Through this type of depth and discourse analysis, we can begin to understand how our approach will run, and make sure those initial goals and legacies that are at the forefront of our campaign’s existence are met. From this, we have the data to make informed decisions on our strategy, we have the tools for success, however making use of this cacophony of information is critical in completing your planning job. Misinterpretation can be as condemnatory to success as no planning at all. You may have literary analysis which shows your targeted customers HATE what your competitors offered; how do you know that by virtue of this, your offering will be better received? If doctors make the worst patients, then in a world where an encyclopaedia of knowledge on any subject the world over is available at our fingertips, there is a curse of knowing too much. A sore arm doesn’t mean a pending heart attack any more that a high bounce rate means consumers aren’t engaging with your website. The eternal caveat with data must always exist that interpretation and assimilation are fluid, that causality is not predefined.

As a data analyst for Parachute and as a marketer, that’s always crucial to bare in mind. When we prepare a campaign, whether a seasonal product focus with years of click through rates, impressions, conversions to pour over year on year or a reactive campaign to an event around the world, we look at the present, the past and the future to help create a campaign that isn’t just successful, but memorable. A campaign shouldn’t be ran just from habit, or because your competitor is doing something, but because it has a purpose and can provide an incentive or experience. We look at the effects it could have, what messages we want to get across, the legacy of these messages and the lasting impact the campaign can have to not only mitigate client expectations, but to refine and enhance them. The vagaries of the world are just that - considering my lunch once more, and in honour of unpredictability, in Glasgow it could rain and average 3 degrees Celsius all morning, then it’s ‘taps aff’ by mid-day - lunch becomes a charming sandwich on a park bench. We have all had the experience where something irksome happens, and it’s ‘goodbye diet’ and ‘hello quadruple cheeseburger and battered Mars Bar’ and been left with buyers remorse afterwards. Reactive campaigns can be the same for any organisation or their consumers and thriving on that experiential endgame is pivotal.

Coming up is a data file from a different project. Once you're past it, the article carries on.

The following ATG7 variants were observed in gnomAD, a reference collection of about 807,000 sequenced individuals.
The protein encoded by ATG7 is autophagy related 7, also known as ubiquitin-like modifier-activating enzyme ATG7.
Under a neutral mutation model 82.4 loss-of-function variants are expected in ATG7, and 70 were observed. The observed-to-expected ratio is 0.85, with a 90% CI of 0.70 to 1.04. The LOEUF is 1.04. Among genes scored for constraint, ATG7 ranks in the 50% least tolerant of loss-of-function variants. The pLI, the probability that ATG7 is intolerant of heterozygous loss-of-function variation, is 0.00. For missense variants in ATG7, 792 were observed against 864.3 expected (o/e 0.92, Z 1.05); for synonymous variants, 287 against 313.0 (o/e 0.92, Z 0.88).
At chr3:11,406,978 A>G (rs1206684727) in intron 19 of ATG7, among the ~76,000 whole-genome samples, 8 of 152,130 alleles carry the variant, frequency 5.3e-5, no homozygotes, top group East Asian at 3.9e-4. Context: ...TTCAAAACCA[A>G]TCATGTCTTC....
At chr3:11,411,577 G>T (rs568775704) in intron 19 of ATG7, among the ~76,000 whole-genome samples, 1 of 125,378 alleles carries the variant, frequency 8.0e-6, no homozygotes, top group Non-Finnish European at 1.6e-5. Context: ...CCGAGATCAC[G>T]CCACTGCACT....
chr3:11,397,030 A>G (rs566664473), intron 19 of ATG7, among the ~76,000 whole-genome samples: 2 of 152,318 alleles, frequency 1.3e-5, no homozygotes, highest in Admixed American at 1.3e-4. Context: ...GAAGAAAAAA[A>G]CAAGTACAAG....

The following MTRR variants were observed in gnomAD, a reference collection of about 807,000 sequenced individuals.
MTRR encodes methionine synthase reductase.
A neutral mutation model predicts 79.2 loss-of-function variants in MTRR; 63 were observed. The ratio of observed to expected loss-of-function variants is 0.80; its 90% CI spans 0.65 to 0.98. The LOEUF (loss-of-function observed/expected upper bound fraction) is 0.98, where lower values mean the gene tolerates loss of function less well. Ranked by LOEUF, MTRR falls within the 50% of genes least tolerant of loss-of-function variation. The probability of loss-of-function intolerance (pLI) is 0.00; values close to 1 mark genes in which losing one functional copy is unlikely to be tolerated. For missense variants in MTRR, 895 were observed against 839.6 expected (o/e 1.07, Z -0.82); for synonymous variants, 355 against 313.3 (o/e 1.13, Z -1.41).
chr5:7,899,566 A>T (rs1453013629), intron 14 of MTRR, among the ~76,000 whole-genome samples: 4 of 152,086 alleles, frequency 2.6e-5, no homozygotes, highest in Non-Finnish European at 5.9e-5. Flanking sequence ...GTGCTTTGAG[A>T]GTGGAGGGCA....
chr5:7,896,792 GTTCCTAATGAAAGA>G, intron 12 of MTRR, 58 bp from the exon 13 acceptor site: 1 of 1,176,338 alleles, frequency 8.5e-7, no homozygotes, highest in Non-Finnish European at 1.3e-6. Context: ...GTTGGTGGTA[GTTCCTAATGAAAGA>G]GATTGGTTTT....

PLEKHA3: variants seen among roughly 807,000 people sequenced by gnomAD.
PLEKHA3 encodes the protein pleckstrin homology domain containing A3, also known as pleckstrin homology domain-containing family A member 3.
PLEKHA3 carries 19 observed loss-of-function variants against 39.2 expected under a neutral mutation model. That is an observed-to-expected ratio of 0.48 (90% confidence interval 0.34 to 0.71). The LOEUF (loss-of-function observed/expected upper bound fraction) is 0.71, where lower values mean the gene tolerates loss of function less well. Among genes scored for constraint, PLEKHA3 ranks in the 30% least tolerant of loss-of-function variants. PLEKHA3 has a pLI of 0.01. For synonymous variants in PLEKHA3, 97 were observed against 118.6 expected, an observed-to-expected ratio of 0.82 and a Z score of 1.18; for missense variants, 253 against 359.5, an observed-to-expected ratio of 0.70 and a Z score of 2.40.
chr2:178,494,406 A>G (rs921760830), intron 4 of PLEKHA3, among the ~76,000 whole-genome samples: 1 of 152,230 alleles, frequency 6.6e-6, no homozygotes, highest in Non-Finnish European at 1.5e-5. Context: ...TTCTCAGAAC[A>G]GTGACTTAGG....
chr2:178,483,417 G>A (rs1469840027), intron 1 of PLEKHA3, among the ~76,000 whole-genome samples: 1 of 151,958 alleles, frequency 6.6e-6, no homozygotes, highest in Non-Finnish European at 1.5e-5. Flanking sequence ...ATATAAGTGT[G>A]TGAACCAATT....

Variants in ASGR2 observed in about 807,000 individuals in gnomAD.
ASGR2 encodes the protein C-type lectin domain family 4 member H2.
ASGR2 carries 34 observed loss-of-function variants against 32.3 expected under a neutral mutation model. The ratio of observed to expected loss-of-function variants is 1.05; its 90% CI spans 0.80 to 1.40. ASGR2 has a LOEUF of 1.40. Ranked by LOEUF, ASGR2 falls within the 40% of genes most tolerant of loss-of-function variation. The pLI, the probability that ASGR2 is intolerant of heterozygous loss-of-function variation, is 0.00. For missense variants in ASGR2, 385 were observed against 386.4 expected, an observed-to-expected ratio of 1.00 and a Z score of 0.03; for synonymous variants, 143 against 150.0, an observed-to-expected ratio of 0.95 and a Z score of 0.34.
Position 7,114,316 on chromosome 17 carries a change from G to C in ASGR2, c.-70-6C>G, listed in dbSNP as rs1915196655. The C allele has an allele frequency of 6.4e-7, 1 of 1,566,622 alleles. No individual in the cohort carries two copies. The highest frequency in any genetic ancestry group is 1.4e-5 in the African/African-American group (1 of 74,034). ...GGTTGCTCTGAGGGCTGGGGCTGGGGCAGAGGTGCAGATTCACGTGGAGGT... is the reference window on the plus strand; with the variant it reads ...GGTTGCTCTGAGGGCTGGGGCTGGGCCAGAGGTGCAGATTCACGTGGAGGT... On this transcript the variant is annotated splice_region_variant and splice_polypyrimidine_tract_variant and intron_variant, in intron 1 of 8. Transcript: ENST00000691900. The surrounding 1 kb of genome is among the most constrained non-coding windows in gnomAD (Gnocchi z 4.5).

Campaign planning has to be adaptable and reactive, but anticipatory steps of integration and defining customer journeys beyond initial impact is subjective and can often belay the truth a campaign can bring. What must also be appreciated is that without being able to adjust or anticipate the end outcomes, then the activity itself becomes diluted, unenjoyable, rushed - and fall short of key objectives. If a short term gain over-extends budget or undercuts future revenue projections through a firesale, if a new customer drive alienates existing customers, if the engagement giveaway dilutes the quality or message frequency disengages brand resonance, these can be fatal to a campaign’s success beyond the immediacy.

Within Parachute, the holistic approach of campaign planning and interactivity from the marketing to the creative is designed to be in tune with our client’s hopes and expectations. Nothing is better than to tell a client that revenue had increased +50% or there was a 25% increase in new customers, but by being able to contextualise and envelop legacy planning to past, present, and future campaigns, we are confident in maintaining strong relationships across every touchpoint of a Parachute campaign.



Top 5 Things to remember when planning your Campaign:

  1. Remember the old adage… Proper Planning and Preparation Prevents P*** Poor Performance!
  2. Set your goals out - what KPIs can measure this (revenue for success, new customers to your site etc.) What is the lasting message to be; how will this message bridge a relationship with your customers?
  3. Interrogate the data; scrutinise your plan - anticipate as many issues as possible, even those you can’t control, and develop contingencies
  4. Interpret the data forming your foundations from a distance and always be confident that the data is reliable, was there an underlying reason why ‘A’ was ‘A’ or that ‘B’ influenced ‘D’? Black isn’t always black (as Michael, our Creative Director taught me last week!)
  5. Keep a log of your process - this is a personal preference but whether it’s notes in Analytics or changes in Ads, the world rarely behaves as anticipated and Google won’t always tell the people analysing your results in ten years time how O2 lost data signal for 2 days or that Brexit was delayed on that specific day (now there’s a lesson about proper planning...) - the point is, when you have factors personal to your campaign today, then make sure they form tomorrow’s data analysis

  1. (I said 5 things but having planned for the contingency of a very important additional point...)  - when people go skydiving, they don’t rely on just one means to safely bring them back down to Earth, they usually plan well and have a back-up Parachute. Good planning can always use a Parachute.